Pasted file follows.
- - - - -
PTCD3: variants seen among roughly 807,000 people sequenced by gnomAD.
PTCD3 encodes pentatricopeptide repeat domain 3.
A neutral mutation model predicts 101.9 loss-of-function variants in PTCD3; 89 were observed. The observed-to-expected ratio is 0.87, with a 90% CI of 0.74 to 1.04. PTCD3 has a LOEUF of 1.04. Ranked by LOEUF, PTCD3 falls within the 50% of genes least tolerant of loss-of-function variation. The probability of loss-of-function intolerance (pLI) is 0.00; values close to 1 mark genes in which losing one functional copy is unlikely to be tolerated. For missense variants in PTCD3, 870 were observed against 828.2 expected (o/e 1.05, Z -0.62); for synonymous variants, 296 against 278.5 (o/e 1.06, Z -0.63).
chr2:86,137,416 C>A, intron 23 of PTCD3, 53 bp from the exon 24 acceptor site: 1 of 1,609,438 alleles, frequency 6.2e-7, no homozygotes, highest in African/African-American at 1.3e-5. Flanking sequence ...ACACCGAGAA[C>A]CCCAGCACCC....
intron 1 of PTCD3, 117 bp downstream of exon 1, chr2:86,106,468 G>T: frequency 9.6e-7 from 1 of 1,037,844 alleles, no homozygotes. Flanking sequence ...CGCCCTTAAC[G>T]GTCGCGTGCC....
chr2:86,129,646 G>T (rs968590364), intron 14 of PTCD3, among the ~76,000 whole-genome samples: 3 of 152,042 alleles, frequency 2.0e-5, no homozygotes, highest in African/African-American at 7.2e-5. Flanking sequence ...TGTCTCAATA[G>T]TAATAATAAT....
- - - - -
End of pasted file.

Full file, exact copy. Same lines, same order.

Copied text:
PTCD3: variants seen among roughly 807,000 people sequenced by gnomAD.
PTCD3 encodes pentatricopeptide repeat domain 3.
A neutral mutation model predicts 101.9 loss-of-function variants in PTCD3; 89 were observed. The observed-to-expected ratio is 0.87, with a 90% CI of 0.74 to 1.04. PTCD3 has a LOEUF of 1.04. Ranked by LOEUF, PTCD3 falls within the 50% of genes least tolerant of loss-of-function variation. The probability of loss-of-function intolerance (pLI) is 0.00; values close to 1 mark genes in which losing one functional copy is unlikely to be tolerated. For missense variants in PTCD3, 870 were observed against 828.2 expected (o/e 1.05, Z -0.62); for synonymous variants, 296 against 278.5 (o/e 1.06, Z -0.63).
chr2:86,137,416 C>A, intron 23 of PTCD3, 53 bp from the exon 24 acceptor site: 1 of 1,609,438 alleles, frequency 6.2e-7, no homozygotes, highest in African/African-American at 1.3e-5. Flanking sequence ...ACACCGAGAA[C>A]CCCAGCACCC....
intron 1 of PTCD3, 117 bp downstream of exon 1, chr2:86,106,468 G>T: frequency 9.6e-7 from 1 of 1,037,844 alleles, no homozygotes. Flanking sequence ...CGCCCTTAAC[G>T]GTCGCGTGCC....
chr2:86,129,646 G>T (rs968590364), intron 14 of PTCD3, among the ~76,000 whole-genome samples: 3 of 152,042 alleles, frequency 2.0e-5, no homozygotes, highest in African/African-American at 7.2e-5. Flanking sequence ...TGTCTCAATA[G>T]TAATAATAAT....